# Particle Packing

Particle packing is taught as part of basic materials processing courses at engineering schools. An understanding of the basics allows us to better evaluate and choose our potting medium ingredients. Lets start with the very basic aspect of particle shape.

Perfect spheres offer the least-dense packing scheme, with approximately one-third of the volume being free void space (you can do the math for yourself). Any deviation from the perfect sphere, and a particle intrudes into the nearby void space, reducing its volume.

Our next consideration is particle size. Interestingly enough, for maximum void space, it doesn’t matter what the size of those spheres is, as long as they’re uniform. A roomful of basketballs or of ping-pong balls still gives us the same free volume:

To further demonstrate the importance of particle size uniformity, let’s look at an example of just the opposite – trying to make a very dense body, as one might do when manufacturing a brick.

Knowing that 100% coarse particles leaves us with a substantial free void volume, one would add smaller particles to fill them. That, however, leaves even smaller voids, so one would need to add even smaller particles to fill those, and so on. Here is a three-particle-size example:

In reality – for both bricks and potting media – the particles are not perfect spheres, are not uniformly sized, consist of more than just three distinct particle sizes, and are not ideally mixed so they can stack precisely, so the packing is not uniform throughout the volume.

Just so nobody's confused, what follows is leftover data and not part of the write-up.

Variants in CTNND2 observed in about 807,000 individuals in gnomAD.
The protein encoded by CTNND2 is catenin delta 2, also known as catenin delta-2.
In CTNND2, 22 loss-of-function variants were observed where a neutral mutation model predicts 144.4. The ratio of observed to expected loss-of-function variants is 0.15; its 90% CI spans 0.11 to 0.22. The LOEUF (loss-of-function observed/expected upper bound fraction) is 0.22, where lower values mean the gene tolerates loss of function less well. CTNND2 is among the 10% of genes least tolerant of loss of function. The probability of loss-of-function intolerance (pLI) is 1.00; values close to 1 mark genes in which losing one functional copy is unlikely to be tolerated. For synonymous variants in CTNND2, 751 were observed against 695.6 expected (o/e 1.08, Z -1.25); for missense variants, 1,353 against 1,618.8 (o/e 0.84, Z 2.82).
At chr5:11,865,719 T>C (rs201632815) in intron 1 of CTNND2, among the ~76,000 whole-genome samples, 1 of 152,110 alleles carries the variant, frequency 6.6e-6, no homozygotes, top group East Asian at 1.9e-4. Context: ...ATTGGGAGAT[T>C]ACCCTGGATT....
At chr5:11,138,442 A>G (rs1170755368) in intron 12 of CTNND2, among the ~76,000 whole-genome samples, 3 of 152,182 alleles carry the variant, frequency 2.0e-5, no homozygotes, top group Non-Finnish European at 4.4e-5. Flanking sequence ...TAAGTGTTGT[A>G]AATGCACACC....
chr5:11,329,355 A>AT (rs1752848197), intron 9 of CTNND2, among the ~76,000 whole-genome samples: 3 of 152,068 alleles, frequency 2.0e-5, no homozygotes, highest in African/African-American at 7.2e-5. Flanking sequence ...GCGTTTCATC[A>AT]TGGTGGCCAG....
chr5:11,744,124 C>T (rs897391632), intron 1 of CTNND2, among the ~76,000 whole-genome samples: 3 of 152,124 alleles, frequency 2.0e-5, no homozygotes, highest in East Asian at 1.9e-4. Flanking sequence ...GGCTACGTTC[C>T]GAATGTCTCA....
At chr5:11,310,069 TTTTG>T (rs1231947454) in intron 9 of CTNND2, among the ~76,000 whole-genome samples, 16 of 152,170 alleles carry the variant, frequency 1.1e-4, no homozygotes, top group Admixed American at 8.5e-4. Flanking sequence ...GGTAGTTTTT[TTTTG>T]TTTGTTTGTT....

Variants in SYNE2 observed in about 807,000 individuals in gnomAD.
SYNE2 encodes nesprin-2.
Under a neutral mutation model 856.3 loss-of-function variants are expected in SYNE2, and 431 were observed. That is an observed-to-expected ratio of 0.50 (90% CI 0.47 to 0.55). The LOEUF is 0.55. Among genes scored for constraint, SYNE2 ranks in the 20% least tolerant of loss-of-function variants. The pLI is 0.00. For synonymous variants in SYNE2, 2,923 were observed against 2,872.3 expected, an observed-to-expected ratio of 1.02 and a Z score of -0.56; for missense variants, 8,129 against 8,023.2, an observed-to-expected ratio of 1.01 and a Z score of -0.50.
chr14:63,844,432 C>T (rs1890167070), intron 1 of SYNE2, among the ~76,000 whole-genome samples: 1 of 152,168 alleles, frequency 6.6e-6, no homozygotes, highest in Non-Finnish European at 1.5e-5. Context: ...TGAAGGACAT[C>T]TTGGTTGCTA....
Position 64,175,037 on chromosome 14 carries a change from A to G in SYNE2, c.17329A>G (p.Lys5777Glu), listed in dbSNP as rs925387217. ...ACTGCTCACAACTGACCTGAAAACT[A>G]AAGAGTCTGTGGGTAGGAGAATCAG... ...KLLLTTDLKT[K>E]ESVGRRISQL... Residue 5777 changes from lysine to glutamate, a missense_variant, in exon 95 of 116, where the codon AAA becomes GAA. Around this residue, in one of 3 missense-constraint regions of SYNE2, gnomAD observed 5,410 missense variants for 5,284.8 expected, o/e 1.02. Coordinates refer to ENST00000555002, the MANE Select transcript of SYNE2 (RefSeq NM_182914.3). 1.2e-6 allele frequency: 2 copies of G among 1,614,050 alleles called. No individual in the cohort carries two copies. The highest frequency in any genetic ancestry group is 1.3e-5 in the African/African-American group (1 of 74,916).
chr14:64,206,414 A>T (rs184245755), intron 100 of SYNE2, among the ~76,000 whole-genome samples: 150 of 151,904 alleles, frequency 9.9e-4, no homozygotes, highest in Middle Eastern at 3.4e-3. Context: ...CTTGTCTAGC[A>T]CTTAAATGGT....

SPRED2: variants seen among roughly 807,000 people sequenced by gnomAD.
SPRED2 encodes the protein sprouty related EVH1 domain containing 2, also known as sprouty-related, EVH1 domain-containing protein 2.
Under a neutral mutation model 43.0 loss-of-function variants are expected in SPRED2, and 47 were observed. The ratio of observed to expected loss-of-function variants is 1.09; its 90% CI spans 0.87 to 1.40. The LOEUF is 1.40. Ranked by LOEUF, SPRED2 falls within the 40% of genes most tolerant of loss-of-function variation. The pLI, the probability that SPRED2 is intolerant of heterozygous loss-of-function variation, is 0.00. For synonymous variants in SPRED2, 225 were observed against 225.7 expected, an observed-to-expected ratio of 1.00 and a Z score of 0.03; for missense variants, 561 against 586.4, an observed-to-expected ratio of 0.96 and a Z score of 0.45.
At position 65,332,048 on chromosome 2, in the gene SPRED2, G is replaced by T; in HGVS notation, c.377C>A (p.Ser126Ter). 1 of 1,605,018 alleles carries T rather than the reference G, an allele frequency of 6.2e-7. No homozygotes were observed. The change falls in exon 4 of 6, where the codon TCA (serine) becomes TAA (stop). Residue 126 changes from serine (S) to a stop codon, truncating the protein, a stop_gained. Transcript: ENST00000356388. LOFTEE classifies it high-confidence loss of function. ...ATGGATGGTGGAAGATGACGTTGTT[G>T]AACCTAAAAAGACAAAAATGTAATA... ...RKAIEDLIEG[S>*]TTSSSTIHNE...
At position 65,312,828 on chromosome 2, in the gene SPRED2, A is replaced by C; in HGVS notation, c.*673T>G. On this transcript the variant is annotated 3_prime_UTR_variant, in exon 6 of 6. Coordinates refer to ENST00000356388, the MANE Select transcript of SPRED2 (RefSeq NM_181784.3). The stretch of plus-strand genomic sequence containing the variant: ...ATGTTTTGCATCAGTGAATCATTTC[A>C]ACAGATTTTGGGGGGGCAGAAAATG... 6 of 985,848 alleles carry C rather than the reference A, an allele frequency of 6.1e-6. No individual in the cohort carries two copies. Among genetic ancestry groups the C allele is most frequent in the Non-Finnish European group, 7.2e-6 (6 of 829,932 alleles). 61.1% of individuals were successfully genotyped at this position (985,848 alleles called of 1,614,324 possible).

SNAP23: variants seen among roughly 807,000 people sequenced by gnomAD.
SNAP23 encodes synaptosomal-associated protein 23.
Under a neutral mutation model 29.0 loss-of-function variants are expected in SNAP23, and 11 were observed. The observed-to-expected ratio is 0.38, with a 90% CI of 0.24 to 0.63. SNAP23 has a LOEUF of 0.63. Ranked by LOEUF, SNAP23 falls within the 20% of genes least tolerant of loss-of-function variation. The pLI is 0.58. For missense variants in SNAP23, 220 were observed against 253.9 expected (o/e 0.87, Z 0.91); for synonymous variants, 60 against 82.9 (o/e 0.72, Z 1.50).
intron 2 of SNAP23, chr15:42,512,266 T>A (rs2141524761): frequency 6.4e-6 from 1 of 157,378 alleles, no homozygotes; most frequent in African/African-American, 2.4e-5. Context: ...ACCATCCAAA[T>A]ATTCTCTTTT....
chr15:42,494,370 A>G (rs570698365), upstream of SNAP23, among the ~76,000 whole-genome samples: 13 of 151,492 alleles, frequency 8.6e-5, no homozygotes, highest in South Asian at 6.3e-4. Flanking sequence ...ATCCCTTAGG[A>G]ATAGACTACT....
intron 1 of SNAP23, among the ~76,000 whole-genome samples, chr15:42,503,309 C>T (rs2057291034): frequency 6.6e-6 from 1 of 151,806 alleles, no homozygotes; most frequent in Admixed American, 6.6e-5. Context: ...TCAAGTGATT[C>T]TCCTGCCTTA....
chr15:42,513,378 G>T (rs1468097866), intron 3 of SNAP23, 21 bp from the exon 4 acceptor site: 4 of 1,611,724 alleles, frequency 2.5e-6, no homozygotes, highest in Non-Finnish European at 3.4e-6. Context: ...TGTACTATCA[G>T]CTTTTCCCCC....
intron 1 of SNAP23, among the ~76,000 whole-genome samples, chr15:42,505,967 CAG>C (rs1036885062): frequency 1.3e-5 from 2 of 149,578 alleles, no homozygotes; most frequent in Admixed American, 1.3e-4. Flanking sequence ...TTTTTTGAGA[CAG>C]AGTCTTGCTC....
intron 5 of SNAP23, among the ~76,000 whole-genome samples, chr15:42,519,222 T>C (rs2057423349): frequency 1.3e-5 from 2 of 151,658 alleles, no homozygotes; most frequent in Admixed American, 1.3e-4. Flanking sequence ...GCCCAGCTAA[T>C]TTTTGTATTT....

OK. So what are the implications of those factors to potting medium?

• When blending medium components, it is best to try to keep the particle sizes as close to the same as possible, so there is a maximum amount of free space available for air flow. You’ll never get it exact, but blending 1/4″ perlite with 1/2″ bark and charcoal is not as good as using 1/2″ perlite.
• The smaller the void spaces, the more likely that water can be trapped between saturated particles due to its surface tension, bridging the voids and cutting off air flow.

That, by the way, is the reason that we often hear recommendations of “let the medium dry between waterings”. Doing so allows the “bridging” water droplets to evaporate or get absorbed so that the medium can “breathe” again, not because of the incorrect assumption that “water causes rot”.

• Size the particles so they are appropriate for the size of the roots. Despite the fact that the basketball and ping-pong ball example shows that the void volume will be equal, the sizes of those voids is considerably different. Roots growing into the voids can fill them as effectively as other media particles.

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